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Rojo’s plans for English National Ballet

Posted on September 25, 2012

rojo square

rojo-squareTamara Rojo (pictured), English National Ballet’s new artistic director, has announced plans for her first season. They include the company premiere of Jirí Kylián’s Petite Mort, an anniversary programme celebrating Rudolf Nureyev and news of Rojo’s artistic team. Rojo said: “I want to transform English National Ballet into England’s most creative and most loved ballet company, embracing and commissioning brave new works while keeping the classics relevant.”


The new season opens with autumn performances of The Sleeping Beauty and a Christmas run of The Nutcracker. In spring, the company dance a programme called Ecstasy and Death, designed to show off the company’s stylistic versatility. It opens with the company premiere of Kylián’s Petite Mort, in which six men and six women dance with fencing foils, to slow movements from Mozart’s piano concertos in A major and C major. In La Jeune Homme et la Mort, first staged as part of the company’s Roland Petit evening in 2011, the role of the young man will be danced by English National Ballet’s Yonah Acosta and by guest star Nicholas le Riche, étoile of the Paris Opéra Ballet. The programme ends with Harald Lander’s Etudes, and will run at the London Coliseum from April 18 to 21.

From July 25 to 27, the company dance A Tribute to Rudolf Nureyev, marking the 75th anniversary of Nureyev’s birth, and the 20th of his death. It includes Mikhail Fokine’s Petrushka, which Nureyev first danced in 1963, and Maurice Béjart’s Song of a Wayfarer, created especially for Nureyev. The evening ends with the company premiere of Nureyev’s celebrated staging of Raymonda Act III.

The company will also stage the latest in its “My first…” series for younger audiences. George Williamson’s My First Cinderella, following Matthew Hart’s My First Sleeping Beauty, is aimed at children aged three and over. The production will run at London’s Peacock Theatre from March 28 to May 26, and will again feature final year students from English National Ballet School.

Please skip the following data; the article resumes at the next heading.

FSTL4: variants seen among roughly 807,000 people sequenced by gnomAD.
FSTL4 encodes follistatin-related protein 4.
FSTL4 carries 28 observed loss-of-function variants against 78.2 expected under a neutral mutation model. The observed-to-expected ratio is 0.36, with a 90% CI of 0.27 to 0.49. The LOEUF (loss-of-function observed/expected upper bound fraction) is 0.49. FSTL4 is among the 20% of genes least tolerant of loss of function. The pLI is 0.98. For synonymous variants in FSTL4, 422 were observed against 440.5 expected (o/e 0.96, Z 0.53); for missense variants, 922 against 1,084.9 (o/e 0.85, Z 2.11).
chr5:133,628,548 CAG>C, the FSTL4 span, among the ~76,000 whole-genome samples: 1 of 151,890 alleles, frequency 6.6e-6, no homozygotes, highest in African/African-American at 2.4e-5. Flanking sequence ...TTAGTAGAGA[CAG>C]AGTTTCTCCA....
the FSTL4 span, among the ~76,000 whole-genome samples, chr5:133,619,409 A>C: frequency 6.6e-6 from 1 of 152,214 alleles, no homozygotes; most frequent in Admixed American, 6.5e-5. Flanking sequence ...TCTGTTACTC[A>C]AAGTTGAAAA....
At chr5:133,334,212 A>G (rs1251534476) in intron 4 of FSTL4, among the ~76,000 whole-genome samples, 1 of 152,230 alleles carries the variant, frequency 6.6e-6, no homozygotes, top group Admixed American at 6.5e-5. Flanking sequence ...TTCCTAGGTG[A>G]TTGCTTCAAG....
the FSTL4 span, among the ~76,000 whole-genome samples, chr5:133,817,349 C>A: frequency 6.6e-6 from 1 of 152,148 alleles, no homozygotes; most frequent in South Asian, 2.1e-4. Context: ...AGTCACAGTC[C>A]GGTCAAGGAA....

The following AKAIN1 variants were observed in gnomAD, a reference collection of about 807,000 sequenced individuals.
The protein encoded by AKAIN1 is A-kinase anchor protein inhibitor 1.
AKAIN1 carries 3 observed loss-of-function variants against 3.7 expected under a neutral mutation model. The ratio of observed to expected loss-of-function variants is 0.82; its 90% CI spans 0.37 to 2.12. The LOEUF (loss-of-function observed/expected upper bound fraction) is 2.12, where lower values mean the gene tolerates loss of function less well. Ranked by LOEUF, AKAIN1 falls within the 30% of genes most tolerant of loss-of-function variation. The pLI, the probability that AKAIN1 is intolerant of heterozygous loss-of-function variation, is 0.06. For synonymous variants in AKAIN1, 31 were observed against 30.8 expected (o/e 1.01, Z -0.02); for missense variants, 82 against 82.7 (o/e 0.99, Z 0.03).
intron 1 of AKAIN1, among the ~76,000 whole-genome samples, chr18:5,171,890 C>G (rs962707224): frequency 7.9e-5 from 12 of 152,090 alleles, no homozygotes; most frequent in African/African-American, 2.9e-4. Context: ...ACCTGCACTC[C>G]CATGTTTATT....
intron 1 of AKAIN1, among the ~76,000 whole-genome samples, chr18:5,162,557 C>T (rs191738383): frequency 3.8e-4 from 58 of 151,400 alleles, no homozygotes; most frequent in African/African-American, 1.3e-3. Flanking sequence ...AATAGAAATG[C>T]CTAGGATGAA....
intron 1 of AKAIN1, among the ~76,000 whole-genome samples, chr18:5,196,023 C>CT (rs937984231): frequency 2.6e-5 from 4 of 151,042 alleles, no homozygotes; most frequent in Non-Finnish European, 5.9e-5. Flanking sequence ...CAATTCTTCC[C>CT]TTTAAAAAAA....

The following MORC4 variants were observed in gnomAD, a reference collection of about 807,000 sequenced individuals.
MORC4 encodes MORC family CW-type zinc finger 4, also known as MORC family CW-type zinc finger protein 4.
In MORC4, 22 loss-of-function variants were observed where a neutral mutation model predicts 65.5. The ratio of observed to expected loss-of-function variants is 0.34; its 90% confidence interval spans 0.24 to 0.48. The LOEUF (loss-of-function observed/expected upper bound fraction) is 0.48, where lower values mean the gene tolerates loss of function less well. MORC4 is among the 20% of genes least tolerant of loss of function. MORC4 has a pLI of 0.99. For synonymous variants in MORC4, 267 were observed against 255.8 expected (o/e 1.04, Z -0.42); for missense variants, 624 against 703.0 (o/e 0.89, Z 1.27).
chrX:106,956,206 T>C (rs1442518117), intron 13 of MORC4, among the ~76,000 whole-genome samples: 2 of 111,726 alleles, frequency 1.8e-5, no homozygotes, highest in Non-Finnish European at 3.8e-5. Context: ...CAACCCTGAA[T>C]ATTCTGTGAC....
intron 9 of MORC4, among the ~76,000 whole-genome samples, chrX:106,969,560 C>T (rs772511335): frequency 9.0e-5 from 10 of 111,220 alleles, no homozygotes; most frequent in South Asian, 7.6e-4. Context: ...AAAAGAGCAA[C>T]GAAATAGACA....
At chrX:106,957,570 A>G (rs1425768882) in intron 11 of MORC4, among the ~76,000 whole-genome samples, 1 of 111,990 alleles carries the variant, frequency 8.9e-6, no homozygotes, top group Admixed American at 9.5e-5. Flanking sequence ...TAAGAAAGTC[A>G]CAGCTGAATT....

Williamson will also artistically direct the final for the company’s Emerging Dancer Award for 2013, to be held in March. Supported by Talbot Hughes MacKillop, the awards recognise the talent of the company’s up-and-coming dancers.

While directing the company, Rojo will continue to dance. She will appear as Aurora, partnered by Vadim Muntagirov, in the autumn tour of The Sleeping Beauty. They will dance the opening night of the season, in Milton Keynes on October 17, with Daria Klimentová as the Lilac Fairy. Bridgette Zehr and Ksenia Ovsyanick will make their debuts as both Aurora and the Lilac Fairy this season. Rojo will also appear as the Sugar Plum Fairy during the run of The Nutcracker. Klimentová and Muntagirov will dance the opening performance.

Rojo has also appointed new artistic staff. Cuban ballerina Loipa Araujo, whom Rojo describes as “one of the most inspiring coaches I have ever worked with,” joins the company as associate artistic director. José Martin, who danced regularly with Rojo at The Royal Ballet, joins English National Ballet as principal repetiteur. Hua Fang Zhang joins as ballet mistress. Rojo, who first met Zhang in China, said: “She was working for the National Ballet of China, where she made the corps de ballet into one of the most impressive I have ever seen.”

George Williamson, who choreographed a new Firebird for English National Ballet last year, becomes associate artist. “In this new role, he will explore collaborations with young artists, nuture choreographers within the company and help us deepen our engagement with the cities we visit,” said Rojo, “working with local artists, musicians and students in venues not normally associated with ballet.”

Araujo, Martin, Zhang and Williamson will join repetiteur Antony Dowson and artistic coordinator Jane Haworth to make up the new artistic team.


Photograph: Johan Persson

Zoë was born in Edinburgh, and saw her first dance performances at the Festival there. She is the dance critic of The Independent, and has also written for The Independent on Sunday, The Scotsman and Dancing Times. In 2002, she received her doctorate from the University of York for a thesis on “Nationhood and epic romance: Ariosto, Sidney, Spenser”. She is the author of The Royal Ballet: 75 Years and The Ballet Lover’s Companion.

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